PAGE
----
Passero said the debate over whether to reopen or to continue hunkering down to prevent the spread of the coronavirus disease continues to rage in New London. The irony, he said, is that southeastern Connecticut has managed to limit its exposure to COVID-19 while bearing the brunt of the disease's economic impact.

'Stunning how deep the devastation is'

Economists and others were shocked by Connecticut’s April unemployment numbers, which the state Department of Labor released Thursday, cautioning that the official statewide unemployment rate of 7.9% was “severely underestimated” due to problems with data collection.

The department’s Office of Research estimated the state’s true unemployment rate to be about 17.5%, higher than the national rate of 14.7%.

“We knew the numbers were going to be bad but it’s really stunning how deep the devastation is,” said Joe Brennan, president and chief executive officer of the Connecticut Business and Industry Association and a member of the governor’s Reopen Connecticut Advisory Group.

Brennan said he assumes the numbers associated with the Norwich-New London-Westerly LMA reflect the impact of the casinos' closure.

“That has to be a huge part of it,” he said. “The other major employers like Pfizer and Electric Boat were deemed essential, so for the most part they haven’t had to lay off people. What we don’t know about is the self-employed people who don’t show up in the numbers. When you look at the large employers in Connecticut, it’s hard to think of an industry other than casinos that hasn’t been open.”

Manufacturers, large and small, insurance companies and banks have kept operating during the pandemic.

While he had no desire to get between the governor and the tribes regarding whether the casinos should reopen June 1, Brennan said the best way to ensure the casinos open soon and restaurants resume inside service is to keep driving down the COVID-19 infection rate. That means people have to keep washing their hands, distancing themselves and wearing masks, he said.

Donald Klepper-Smith, chief economist and director of research for DataCore Partners and a much-quoted student of Connecticut’s labor markets, noted that the Norwich-New London-Westerly LMA lost an estimated 34,200 jobs from March to April, a 26.7% drop.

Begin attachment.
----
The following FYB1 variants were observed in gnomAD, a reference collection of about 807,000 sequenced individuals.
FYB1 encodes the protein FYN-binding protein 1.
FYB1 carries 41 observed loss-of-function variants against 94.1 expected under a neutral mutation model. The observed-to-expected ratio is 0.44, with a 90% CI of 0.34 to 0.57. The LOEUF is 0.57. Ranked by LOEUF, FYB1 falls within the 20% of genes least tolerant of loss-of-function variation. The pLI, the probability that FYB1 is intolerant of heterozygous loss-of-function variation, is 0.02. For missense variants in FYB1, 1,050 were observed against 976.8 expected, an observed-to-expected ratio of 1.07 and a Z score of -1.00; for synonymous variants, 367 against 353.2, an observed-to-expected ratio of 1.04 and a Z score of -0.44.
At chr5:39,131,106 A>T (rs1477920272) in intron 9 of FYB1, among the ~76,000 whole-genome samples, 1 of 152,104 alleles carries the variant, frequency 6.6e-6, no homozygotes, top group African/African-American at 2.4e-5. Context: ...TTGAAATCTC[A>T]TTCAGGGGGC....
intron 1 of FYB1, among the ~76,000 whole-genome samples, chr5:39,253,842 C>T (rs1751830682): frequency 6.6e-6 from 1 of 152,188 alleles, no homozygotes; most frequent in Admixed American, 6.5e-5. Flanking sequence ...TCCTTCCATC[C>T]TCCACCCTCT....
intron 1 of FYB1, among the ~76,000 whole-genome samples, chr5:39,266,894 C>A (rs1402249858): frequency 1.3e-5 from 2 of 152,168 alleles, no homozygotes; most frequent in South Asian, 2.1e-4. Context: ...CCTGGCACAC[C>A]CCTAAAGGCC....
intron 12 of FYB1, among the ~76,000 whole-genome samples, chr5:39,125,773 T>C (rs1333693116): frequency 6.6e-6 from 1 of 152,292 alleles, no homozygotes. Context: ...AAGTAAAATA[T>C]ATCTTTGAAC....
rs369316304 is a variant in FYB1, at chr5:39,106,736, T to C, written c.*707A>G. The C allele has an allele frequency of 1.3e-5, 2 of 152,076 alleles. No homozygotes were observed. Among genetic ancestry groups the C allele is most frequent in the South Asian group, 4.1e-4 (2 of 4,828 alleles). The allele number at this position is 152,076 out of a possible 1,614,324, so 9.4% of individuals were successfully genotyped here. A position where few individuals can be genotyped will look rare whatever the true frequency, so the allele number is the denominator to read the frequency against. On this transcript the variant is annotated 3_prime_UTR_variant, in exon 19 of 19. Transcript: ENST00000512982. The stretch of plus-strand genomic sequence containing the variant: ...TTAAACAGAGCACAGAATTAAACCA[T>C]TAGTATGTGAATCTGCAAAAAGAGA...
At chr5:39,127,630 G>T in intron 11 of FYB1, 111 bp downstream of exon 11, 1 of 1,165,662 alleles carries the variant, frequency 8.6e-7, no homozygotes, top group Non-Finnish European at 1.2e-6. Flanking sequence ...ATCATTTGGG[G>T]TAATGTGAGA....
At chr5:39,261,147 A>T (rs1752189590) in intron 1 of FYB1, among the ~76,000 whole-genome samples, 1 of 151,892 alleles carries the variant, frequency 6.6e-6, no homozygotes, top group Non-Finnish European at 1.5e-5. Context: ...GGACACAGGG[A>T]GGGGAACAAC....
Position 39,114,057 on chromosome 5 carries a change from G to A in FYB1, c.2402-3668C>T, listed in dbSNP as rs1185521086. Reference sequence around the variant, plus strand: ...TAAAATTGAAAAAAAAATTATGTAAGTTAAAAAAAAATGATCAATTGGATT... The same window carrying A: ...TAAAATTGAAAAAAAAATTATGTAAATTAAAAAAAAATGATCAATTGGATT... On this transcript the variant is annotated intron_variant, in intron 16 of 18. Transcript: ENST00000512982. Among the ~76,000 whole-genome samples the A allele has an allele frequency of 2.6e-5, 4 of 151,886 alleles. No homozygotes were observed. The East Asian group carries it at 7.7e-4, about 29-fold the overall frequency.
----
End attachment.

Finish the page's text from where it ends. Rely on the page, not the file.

On a year-over-year basis, comparing April 2019 to April 20, the jobs loss amounted to 27.6%.

Connecticut lost 266,300 jobs last month, almost as many as the combined total it lost in the 1989-92 downturn and the Great Recession of 2007-09, the two worst recessions in recent history, Klepper-Smith wrote in his monthly newsletter.

“Barring an immediate cure or vaccine for the coronavirus, this one-month job decline for April implies not only a harsh new economic landscape for Connecticut, but one that is apt to leave scars on the local economy and its residents for months and years to come in the same way that consumer behaviors were abruptly altered back in the 1930s,” he wrote, adding, “... policymakers simply don’t have a playbook for dealing with job losses of this magnitude.”

Tony Sheridan, president and CEO of the Chamber of Commerce of Eastern Connecticut, said he was hopeful the casinos will soon reopen and looked forward to the reopening of hotels and other forms of lodging in the second phase of the state’s restart scheduled for June 20. He noted two mainstays of the region’s tourism industry — Mystic Aquarium and Mystic Seaport — have reopened outdoor exhibits.

“It’s taken a heavy toll on us,” Sheridan said of the coronavirus. “We’re going to come back, but it’s going to be a slow process. I see a lot of positives in the way people have come together to fight this disease. The smart thing now is to do exactly what we’re being asked to do by the medical experts and the governor’ office."

“The worst possible thing that could happen is to have to do it again in November,” he said.

b.hallenbeck@theday.com